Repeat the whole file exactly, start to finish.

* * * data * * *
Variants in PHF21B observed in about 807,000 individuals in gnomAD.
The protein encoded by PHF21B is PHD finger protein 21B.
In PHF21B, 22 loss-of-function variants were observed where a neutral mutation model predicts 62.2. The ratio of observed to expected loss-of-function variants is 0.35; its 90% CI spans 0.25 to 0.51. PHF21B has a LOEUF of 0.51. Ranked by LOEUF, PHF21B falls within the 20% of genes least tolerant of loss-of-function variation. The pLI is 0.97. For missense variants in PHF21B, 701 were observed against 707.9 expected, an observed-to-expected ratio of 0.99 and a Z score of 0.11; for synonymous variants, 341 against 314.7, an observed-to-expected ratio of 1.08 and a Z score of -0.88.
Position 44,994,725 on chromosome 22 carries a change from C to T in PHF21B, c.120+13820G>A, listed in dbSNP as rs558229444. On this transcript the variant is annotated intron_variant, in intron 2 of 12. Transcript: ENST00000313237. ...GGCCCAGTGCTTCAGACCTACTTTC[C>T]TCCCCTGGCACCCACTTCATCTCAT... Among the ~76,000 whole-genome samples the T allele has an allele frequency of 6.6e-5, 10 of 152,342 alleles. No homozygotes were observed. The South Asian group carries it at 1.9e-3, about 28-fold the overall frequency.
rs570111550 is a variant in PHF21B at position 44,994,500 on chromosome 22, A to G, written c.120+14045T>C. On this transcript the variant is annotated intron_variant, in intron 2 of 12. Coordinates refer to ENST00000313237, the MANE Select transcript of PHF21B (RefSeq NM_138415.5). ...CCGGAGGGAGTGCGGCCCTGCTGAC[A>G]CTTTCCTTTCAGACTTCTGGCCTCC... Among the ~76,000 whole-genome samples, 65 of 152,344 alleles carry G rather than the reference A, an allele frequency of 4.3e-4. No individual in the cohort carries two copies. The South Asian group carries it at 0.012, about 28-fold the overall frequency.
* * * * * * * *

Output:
Variants in PHF21B observed in about 807,000 individuals in gnomAD.
The protein encoded by PHF21B is PHD finger protein 21B.
In PHF21B, 22 loss-of-function variants were observed where a neutral mutation model predicts 62.2. The ratio of observed to expected loss-of-function variants is 0.35; its 90% CI spans 0.25 to 0.51. PHF21B has a LOEUF of 0.51. Ranked by LOEUF, PHF21B falls within the 20% of genes least tolerant of loss-of-function variation. The pLI is 0.97. For missense variants in PHF21B, 701 were observed against 707.9 expected, an observed-to-expected ratio of 0.99 and a Z score of 0.11; for synonymous variants, 341 against 314.7, an observed-to-expected ratio of 1.08 and a Z score of -0.88.
Position 44,994,725 on chromosome 22 carries a change from C to T in PHF21B, c.120+13820G>A, listed in dbSNP as rs558229444. On this transcript the variant is annotated intron_variant, in intron 2 of 12. Transcript: ENST00000313237. ...GGCCCAGTGCTTCAGACCTACTTTC[C>T]TCCCCTGGCACCCACTTCATCTCAT... Among the ~76,000 whole-genome samples the T allele has an allele frequency of 6.6e-5, 10 of 152,342 alleles. No homozygotes were observed. The South Asian group carries it at 1.9e-3, about 28-fold the overall frequency.
rs570111550 is a variant in PHF21B at position 44,994,500 on chromosome 22, A to G, written c.120+14045T>C. On this transcript the variant is annotated intron_variant, in intron 2 of 12. Coordinates refer to ENST00000313237, the MANE Select transcript of PHF21B (RefSeq NM_138415.5). ...CCGGAGGGAGTGCGGCCCTGCTGAC[A>G]CTTTCCTTTCAGACTTCTGGCCTCC... Among the ~76,000 whole-genome samples, 65 of 152,344 alleles carry G rather than the reference A, an allele frequency of 4.3e-4. No individual in the cohort carries two copies. The South Asian group carries it at 0.012, about 28-fold the overall frequency.